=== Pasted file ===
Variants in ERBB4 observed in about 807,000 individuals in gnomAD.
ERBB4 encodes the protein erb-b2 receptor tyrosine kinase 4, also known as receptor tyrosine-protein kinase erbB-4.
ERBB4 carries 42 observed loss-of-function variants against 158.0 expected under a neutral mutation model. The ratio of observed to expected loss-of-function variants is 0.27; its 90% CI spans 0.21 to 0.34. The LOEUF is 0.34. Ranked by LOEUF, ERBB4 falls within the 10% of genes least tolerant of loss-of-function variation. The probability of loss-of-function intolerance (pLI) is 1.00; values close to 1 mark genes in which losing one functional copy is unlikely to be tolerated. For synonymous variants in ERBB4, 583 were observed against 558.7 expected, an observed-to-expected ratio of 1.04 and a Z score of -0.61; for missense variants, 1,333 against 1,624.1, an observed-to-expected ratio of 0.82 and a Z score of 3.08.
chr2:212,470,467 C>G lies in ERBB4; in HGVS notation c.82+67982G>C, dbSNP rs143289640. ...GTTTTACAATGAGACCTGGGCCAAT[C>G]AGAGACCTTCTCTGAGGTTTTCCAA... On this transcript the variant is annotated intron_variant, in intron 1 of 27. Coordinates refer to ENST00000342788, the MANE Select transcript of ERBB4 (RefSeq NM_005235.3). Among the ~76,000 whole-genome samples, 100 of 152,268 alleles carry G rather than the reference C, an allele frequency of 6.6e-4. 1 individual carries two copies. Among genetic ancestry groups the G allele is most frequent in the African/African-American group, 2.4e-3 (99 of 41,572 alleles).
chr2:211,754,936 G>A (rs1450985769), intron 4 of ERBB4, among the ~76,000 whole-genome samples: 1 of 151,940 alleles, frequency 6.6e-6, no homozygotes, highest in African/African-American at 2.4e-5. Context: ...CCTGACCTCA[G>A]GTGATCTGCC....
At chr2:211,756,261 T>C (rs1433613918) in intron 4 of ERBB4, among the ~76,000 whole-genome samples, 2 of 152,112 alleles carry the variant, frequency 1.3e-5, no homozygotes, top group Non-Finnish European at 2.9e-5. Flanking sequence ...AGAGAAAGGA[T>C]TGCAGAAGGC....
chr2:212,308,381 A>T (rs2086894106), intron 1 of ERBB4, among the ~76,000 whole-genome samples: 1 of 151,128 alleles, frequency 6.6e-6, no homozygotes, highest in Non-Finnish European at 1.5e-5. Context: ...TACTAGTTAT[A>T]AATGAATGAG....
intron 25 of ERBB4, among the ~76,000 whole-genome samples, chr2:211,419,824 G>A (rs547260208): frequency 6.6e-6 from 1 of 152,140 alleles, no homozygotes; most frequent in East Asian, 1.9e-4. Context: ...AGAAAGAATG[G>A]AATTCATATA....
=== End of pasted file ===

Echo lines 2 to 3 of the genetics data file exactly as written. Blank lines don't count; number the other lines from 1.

ERBB4 encodes the protein erb-b2 receptor tyrosine kinase 4, also known as receptor tyrosine-protein kinase erbB-4.
ERBB4 carries 42 observed loss-of-function variants against 158.0 expected under a neutral mutation model. The ratio of observed to expected loss-of-function variants is 0.27; its 90% CI spans 0.21 to 0.34. The LOEUF is 0.34. Ranked by LOEUF, ERBB4 falls within the 10% of genes least tolerant of loss-of-function variation. The probability of loss-of-function intolerance (pLI) is 1.00; values close to 1 mark genes in which losing one functional copy is unlikely to be tolerated. For synonymous variants in ERBB4, 583 were observed against 558.7 expected, an observed-to-expected ratio of 1.04 and a Z score of -0.61; for missense variants, 1,333 against 1,624.1, an observed-to-expected ratio of 0.82 and a Z score of 3.08.